By Elizabeth Boineau
Take a step back and evaluate where you are. Search the net to see what may already be out there.
Identify the crisis communications team, including the CEO, the public relations firm crisis media consultant and legal counsel, as appropriate.
Always be honest, open, and accessible. A cover –up job, or holding back information, particularly that may rightfully be public information is not acceptable, so tell the truth, tell it fast, and tell it well.
Pull your message/talking points and prepared statement together and get everyone on the same page. Consistency of voice is critical.
Identify the spokesperson and get them ready for the interview. Anticipate the worst questions you could get and write down the answers as part of the preparation. Consider a “public” FAQ too if the situation warrants that.
Show compassion and concern for the situation. Considerthose who may be hurt and detail what you’re doing to ensure it never happens again.
Always answer media calls and feel comfortable asking what questions they want answered, and ask for their deadline. Gather the info and get back to them like it’s urgent, because it is. You’re trying to protect your reputation and your brand image, so cooperate, but be prepared. It’s OK to ask for a little time, but they’re on a deadline.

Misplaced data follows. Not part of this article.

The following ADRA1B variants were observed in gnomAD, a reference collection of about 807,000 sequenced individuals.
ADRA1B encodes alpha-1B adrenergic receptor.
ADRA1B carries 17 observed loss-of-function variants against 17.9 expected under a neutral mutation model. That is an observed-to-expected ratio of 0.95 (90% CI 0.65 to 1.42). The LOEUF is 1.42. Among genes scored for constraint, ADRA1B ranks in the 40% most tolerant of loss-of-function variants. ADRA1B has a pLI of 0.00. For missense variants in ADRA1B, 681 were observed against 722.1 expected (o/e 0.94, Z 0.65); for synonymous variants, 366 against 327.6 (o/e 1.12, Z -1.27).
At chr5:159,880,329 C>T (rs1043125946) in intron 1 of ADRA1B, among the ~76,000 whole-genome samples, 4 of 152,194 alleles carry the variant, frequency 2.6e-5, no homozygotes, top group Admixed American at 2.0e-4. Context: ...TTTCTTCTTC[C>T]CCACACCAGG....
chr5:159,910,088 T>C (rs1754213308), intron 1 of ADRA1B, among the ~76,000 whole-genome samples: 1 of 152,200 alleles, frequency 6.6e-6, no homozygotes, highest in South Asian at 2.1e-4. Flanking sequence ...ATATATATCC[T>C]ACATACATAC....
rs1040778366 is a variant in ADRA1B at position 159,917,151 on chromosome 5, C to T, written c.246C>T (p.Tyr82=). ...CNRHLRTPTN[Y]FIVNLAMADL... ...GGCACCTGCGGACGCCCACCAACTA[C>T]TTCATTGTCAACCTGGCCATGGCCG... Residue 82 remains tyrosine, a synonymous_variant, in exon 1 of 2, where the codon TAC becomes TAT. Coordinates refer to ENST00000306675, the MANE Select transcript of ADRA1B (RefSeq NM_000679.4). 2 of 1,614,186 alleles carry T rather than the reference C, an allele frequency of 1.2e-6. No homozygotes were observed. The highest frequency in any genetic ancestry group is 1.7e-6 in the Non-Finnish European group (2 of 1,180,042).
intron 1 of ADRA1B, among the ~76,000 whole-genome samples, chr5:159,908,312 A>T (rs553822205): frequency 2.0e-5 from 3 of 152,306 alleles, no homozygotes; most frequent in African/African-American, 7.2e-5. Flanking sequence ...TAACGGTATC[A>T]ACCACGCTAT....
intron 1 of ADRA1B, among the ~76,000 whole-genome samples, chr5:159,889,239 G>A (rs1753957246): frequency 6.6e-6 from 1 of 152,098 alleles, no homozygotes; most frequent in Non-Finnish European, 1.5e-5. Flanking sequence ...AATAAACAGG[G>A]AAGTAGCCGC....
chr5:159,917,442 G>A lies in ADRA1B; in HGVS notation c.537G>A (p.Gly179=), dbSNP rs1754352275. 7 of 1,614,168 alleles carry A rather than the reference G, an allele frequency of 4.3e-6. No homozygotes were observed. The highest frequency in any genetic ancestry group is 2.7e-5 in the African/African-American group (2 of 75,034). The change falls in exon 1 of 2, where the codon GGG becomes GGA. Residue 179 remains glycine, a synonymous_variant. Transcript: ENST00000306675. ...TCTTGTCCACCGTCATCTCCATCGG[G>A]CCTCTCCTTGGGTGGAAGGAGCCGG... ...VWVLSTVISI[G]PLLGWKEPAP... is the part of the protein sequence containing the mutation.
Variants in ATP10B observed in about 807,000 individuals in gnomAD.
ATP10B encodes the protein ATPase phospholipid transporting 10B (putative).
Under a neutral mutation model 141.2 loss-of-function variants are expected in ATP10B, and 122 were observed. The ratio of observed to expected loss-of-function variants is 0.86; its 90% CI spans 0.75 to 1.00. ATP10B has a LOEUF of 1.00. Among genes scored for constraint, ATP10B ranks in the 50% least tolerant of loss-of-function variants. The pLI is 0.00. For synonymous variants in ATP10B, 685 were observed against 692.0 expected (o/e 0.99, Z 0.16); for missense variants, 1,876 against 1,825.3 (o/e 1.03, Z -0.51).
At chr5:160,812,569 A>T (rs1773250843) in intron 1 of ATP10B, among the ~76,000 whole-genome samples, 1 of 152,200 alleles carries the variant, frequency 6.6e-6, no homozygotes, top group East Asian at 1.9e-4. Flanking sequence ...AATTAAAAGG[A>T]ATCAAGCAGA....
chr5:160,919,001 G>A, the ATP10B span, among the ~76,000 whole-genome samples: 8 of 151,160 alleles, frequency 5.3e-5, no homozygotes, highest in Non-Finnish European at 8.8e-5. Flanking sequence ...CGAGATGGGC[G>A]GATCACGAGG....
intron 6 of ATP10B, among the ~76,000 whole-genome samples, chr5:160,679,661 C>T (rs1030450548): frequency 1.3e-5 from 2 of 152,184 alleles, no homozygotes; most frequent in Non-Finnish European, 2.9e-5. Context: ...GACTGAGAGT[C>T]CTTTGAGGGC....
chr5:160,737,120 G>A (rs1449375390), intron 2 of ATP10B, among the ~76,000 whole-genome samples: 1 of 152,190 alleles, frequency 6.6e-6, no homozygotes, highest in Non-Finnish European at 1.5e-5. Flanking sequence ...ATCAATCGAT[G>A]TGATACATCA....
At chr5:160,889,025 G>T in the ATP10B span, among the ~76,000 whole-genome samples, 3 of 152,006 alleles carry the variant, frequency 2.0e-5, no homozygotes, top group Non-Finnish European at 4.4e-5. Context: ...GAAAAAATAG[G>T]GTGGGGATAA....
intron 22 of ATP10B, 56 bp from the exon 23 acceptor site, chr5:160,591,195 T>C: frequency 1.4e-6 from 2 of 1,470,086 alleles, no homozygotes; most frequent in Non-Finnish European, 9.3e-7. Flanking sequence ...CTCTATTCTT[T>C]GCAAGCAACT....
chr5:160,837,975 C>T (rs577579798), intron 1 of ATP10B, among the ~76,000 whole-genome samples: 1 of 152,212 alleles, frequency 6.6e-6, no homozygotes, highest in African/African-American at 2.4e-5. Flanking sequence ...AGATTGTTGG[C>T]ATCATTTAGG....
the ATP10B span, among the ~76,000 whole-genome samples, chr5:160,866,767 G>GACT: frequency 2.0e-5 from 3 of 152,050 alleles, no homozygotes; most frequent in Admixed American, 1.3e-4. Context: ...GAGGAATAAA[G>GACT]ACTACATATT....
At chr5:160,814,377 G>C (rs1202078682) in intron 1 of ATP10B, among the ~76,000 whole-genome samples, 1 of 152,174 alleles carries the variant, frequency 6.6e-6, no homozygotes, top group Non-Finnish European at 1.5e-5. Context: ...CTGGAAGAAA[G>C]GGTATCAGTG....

Never, for any reason, say no comment. Better to say “I wish I was able to give you the information you’re seeking, and we hope to be able to do that soon. For now, the situation is under review and we are working as hard as we can to get the facts and get them out to you,” is one example.
Never underestimate the value of solid media relationships. The more you respect them, the more they respect you and will work to help tell your story. They genuinely want to do that, so work cooperatively and positively at all times, even when you’re feeling the heat.
Tap your website and social media channels. Use your “owned media” platform to get information out and to monitor what’s being said out in the field.
And one more for good measure should the crisis involves a legal matter: PR and legal counsel can and do get along, and when they work together for the best media strategy, everybody wins.
Elizabeth L. Boineau runs E. Boineau & Company, a strategic marketing communications and public relations firm based in Charleston. She has extensive PR and crisis communications experience, in her own agency and with large global PR firms. You may reach her at firstname.lastname@example.org.